Hon. Charles Sousa: I’ll let Leah explain this as well, but the exceptions that we are discussing in terms of which workplace pensions are eligible or not have yet to be determined and there’s a gamut that is out there now that exists.
The introduction of the PRPP is a voluntary measure. It’s not intended to replace the ORPP. Again, that is a discussion that has yet to be determined.
Leah, if you want to—
Ms. Leah Myers: Yes, that’s right. The government committed in budget 2014 to a consultation process on what the definition of “comparable plan” will be for the purposes of exempting people from ORPP. As the minister said, we’re going to be embarking on that consultation, and decisions will come out of that.
Ms. Jennifer K. French: Yes, and I would expect that they would. It’s just a matter of, will there be any PRPP that then is comparable? As you said, there would be a gamut of pensions and different things that may or may not be comparable. I’m asking the question about PRPPs: if those could, at any point, be considered comparable or pensions.
Ms. Leah Myers: That’s exactly the subject of consultation.
Ms. Jennifer K. French: Whether PRPPs would be?
Ms. Leah Myers: PRPPs and other vehicles, yes.
Ms. Jennifer K. French: Are you considering any employer exemptions or opt-out provisions in your ORPP legislation?
Hon. Charles Sousa: There are a number of things, and this is why I said we have yet to develop that framework in terms of what’s being exempt and what’s comparable, recognizing that there are a tremendous amount of workplace pensions that exist now. We also have made it clear that they’re not all going to be comparable.
In terms of the degree of exemptions, the more you provide the less the pool of assets available to us to maximize the benefit for the employee or the retiree. Those are the things I’ll be taking into consideration. At this point, we haven’t determined what that will look like or what that will be because we still want the process to entail—you’re asking us to make a decision today on things that we won’t complete until after that consultation is—
Ms. Jennifer K. French: Yes. I was curious if you’ll be categorically ruling anyone out at this point.
Hon. Charles Sousa: Right now, self-employed is one of the categories that we put in the 2014 budget, degree of size, those who are making low income. There’s a phase-in period that we’re talking about in regards to the size and scope of companies that are involved.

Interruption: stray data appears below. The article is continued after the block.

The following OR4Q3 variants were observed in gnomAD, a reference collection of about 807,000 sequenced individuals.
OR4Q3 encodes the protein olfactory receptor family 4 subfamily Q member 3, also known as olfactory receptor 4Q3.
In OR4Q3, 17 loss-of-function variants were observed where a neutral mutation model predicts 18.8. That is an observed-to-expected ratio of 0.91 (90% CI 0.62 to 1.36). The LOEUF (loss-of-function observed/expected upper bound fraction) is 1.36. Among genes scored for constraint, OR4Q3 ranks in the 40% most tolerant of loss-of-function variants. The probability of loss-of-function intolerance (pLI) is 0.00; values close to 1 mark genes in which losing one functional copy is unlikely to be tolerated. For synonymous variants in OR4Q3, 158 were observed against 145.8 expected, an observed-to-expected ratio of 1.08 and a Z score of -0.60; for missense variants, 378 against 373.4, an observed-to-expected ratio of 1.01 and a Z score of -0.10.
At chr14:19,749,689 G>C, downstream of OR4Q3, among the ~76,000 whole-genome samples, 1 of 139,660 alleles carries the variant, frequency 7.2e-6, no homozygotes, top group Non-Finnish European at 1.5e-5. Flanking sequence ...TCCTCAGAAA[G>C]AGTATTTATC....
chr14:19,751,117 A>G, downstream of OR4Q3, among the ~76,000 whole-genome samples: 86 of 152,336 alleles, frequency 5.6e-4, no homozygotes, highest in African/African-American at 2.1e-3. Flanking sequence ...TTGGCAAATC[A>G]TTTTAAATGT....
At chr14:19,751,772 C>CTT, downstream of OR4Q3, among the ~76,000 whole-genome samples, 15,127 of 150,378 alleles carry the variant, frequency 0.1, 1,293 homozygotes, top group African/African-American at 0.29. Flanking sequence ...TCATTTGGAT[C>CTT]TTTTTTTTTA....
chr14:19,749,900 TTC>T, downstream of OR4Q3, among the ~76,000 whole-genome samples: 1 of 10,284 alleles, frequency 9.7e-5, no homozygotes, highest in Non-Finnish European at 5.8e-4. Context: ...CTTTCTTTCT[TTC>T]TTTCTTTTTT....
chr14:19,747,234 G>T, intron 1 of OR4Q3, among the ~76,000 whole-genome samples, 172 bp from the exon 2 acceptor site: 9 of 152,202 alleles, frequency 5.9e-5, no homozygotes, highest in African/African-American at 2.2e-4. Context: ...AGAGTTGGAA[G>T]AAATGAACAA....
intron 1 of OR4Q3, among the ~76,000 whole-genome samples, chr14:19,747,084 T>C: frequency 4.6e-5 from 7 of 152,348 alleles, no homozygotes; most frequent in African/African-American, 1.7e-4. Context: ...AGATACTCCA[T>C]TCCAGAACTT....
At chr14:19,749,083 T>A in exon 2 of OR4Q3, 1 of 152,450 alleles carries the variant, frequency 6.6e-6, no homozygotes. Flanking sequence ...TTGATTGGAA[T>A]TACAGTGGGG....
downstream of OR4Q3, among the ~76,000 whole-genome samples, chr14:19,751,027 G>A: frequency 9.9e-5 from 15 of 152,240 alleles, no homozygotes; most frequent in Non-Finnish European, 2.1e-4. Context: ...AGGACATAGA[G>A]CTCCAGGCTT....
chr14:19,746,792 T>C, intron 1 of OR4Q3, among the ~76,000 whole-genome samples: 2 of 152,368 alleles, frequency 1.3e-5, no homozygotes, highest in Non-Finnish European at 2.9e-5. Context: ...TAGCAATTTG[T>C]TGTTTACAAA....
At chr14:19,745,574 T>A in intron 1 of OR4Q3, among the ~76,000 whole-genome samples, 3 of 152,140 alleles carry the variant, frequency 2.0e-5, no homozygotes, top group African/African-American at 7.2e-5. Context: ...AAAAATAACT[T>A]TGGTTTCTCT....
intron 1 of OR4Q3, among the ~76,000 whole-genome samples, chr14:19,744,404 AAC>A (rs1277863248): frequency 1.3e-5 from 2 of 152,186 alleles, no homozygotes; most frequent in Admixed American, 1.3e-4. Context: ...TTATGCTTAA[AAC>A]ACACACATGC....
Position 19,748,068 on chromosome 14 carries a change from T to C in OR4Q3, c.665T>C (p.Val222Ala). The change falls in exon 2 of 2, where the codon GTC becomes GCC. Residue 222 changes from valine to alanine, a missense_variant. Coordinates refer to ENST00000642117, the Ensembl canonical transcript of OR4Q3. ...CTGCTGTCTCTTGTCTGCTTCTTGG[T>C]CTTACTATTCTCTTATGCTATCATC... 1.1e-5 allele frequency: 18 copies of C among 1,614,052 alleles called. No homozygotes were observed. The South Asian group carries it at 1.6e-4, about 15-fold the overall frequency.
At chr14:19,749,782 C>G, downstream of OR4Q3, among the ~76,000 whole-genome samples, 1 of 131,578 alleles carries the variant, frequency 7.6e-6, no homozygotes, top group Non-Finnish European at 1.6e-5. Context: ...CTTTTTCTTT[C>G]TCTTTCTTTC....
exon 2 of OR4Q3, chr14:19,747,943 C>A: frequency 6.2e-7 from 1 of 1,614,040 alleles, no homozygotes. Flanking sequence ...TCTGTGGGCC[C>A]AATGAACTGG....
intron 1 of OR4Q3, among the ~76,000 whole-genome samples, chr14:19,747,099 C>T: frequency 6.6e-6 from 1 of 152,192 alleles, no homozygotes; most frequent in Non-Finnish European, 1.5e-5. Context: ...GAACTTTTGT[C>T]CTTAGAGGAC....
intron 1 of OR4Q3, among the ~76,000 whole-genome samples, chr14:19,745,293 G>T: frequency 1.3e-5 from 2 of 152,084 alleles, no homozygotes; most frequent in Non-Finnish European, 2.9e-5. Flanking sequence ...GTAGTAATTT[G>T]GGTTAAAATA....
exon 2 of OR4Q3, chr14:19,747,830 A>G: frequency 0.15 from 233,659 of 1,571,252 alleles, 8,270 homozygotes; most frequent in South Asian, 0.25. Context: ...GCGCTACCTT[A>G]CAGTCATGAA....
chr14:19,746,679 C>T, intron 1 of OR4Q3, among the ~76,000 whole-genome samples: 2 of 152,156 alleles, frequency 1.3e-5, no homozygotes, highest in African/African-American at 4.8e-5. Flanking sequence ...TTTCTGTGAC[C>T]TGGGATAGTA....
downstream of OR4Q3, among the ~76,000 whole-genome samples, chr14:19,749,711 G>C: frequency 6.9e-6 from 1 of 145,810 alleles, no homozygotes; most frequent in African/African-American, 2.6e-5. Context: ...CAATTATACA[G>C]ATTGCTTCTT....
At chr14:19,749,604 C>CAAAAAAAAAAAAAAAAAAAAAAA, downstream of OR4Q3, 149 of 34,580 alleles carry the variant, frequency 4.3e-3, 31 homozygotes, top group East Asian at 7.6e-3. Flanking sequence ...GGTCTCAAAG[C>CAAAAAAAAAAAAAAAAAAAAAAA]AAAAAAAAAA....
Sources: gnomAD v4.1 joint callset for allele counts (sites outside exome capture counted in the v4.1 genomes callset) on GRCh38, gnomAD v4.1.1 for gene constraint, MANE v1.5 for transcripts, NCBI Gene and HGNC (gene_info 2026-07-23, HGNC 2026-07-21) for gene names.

But, Leah, is there—
Ms. Leah Myers: Specifically around the self-employed, as the minister mentioned, they will be exempt. That’s specifically because the ORPP will be a registered pension plan, which means it’s eligible for specific tax treatment like other registered pension plans. The Income Tax Act doesn’t allow a self-employed person, who doesn’t have an employer-employee relationship, obviously, to contribute to a registered pension plan. So unless the Income Tax Act were to be changed to allow for that, self-employed can’t be mandated to participate in the ORPP.
Other than that, the other kinds of considerations the minister mentioned are going to be part of the consultation.
Ms. Jennifer K. French: Thank you. Madam Chair, how am I for time?
The Chair (Ms. Cindy Forster): You have about 18 minutes left.
Ms. Jennifer K. French: Fabulous. Let’s switch gears, then. We’re going to leave the ORPP and PRPP for a minute.
Harry Arthurs made a number of recommendations in his 2010 report on pensions regarding a stronger pension regulator, but the regulations putting those recommendations in place haven’t been promulgated.
On page 61 of the Ontario Economic Outlook and Fiscal Review, you say that the regulations that will allow you to implement the changes to the pension regulator will be ready shortly. What is the substance of these regulations? What’s taking so long to develop them? Is there a struggle there?
Hon. Charles Sousa: No; and we go on to talk about some of the reforms on pages 62 and 63.
Leah, if you wish to follow through.
Ms. Leah Myers: No, there isn’t a particular struggle on them. It’s a matter of quite a broad set of recommendations in the Arthurs report and lots of significant pension reforms included in the two bills in 2010.
We’re making our way through the regulatory reforms that are necessary. We’ve done a lot of work—